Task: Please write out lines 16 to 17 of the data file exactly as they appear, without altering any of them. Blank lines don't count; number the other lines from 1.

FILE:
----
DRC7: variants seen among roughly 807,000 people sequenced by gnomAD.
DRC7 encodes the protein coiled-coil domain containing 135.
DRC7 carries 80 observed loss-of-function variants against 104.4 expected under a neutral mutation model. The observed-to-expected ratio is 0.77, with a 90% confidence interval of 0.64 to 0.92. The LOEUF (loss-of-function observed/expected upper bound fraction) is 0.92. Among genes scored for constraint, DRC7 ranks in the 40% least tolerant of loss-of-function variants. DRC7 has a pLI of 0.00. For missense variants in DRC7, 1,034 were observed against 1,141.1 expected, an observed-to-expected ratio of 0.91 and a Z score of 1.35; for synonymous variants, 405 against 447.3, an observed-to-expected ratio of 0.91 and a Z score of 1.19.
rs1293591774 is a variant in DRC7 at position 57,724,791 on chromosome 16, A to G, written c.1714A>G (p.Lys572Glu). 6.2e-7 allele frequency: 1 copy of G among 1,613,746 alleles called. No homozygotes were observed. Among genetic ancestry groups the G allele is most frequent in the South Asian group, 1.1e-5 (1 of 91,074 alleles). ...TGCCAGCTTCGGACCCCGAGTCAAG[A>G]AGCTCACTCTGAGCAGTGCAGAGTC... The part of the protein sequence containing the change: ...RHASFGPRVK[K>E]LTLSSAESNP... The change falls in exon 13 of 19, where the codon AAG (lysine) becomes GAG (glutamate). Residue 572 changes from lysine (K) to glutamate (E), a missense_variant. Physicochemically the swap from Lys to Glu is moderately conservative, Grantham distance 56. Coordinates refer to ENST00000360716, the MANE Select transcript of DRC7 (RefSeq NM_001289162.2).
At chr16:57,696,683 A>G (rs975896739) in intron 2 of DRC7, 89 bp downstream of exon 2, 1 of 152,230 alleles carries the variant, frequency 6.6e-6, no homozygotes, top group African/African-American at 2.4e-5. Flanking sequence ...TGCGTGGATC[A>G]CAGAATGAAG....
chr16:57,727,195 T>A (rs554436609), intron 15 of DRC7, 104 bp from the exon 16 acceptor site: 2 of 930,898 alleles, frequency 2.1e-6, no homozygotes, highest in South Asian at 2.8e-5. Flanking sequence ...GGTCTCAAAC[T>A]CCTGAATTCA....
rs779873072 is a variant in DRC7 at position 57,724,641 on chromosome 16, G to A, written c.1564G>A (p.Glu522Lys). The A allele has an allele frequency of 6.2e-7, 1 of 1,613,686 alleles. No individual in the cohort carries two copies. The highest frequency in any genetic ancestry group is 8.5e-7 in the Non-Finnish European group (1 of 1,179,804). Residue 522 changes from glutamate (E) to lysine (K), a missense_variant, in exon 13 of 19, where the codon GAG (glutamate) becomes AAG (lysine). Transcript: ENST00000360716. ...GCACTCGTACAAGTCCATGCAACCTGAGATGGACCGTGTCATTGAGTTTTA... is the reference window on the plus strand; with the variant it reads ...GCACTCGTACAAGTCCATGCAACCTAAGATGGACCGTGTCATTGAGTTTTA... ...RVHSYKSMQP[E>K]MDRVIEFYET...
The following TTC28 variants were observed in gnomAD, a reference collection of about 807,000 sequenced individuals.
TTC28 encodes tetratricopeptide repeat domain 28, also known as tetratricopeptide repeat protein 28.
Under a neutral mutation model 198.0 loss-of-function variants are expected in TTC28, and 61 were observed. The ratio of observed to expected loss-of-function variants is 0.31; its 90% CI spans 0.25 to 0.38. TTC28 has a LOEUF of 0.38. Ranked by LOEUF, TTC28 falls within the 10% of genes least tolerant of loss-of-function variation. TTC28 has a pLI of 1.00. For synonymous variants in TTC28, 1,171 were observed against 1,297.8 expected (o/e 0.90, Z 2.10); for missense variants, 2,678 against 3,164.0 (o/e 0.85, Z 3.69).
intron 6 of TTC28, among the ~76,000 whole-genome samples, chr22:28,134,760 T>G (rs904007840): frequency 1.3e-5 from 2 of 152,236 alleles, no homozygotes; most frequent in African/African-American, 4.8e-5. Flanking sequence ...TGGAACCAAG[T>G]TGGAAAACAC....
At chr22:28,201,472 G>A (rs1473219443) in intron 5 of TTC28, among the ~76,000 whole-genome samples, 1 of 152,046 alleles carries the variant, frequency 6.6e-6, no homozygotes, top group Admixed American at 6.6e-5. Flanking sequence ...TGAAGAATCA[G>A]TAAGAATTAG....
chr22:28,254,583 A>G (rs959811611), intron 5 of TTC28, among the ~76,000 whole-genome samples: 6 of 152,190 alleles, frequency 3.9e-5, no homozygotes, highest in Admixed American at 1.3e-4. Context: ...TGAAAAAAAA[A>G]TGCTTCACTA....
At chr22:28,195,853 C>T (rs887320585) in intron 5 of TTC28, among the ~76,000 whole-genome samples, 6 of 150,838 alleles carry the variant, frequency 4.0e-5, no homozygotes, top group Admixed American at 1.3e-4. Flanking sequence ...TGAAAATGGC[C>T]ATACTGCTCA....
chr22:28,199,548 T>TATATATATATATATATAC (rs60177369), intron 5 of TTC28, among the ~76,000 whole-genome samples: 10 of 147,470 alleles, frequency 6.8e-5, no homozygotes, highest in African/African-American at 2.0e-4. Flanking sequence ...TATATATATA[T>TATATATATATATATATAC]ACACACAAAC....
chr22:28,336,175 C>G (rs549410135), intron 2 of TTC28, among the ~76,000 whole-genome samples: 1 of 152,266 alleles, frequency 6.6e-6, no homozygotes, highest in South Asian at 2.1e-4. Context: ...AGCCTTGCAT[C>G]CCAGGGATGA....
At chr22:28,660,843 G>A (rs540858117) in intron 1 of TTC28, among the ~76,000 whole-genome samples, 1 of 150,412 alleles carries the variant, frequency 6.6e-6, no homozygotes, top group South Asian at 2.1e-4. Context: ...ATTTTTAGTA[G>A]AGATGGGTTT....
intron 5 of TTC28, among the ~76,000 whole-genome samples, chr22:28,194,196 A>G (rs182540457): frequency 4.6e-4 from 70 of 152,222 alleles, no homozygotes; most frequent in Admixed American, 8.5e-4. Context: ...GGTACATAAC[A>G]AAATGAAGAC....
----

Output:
chr22:28,336,175 C>G (rs549410135), intron 2 of TTC28, among the ~76,000 whole-genome samples: 1 of 152,266 alleles, frequency 6.6e-6, no homozygotes, highest in South Asian at 2.1e-4. Context: ...AGCCTTGCAT[C>G]CCAGGGATGA....
At chr22:28,660,843 G>A (rs540858117) in intron 1 of TTC28, among the ~76,000 whole-genome samples, 1 of 150,412 alleles carries the variant, frequency 6.6e-6, no homozygotes, top group South Asian at 2.1e-4. Context: ...ATTTTTAGTA[G>A]AGATGGGTTT....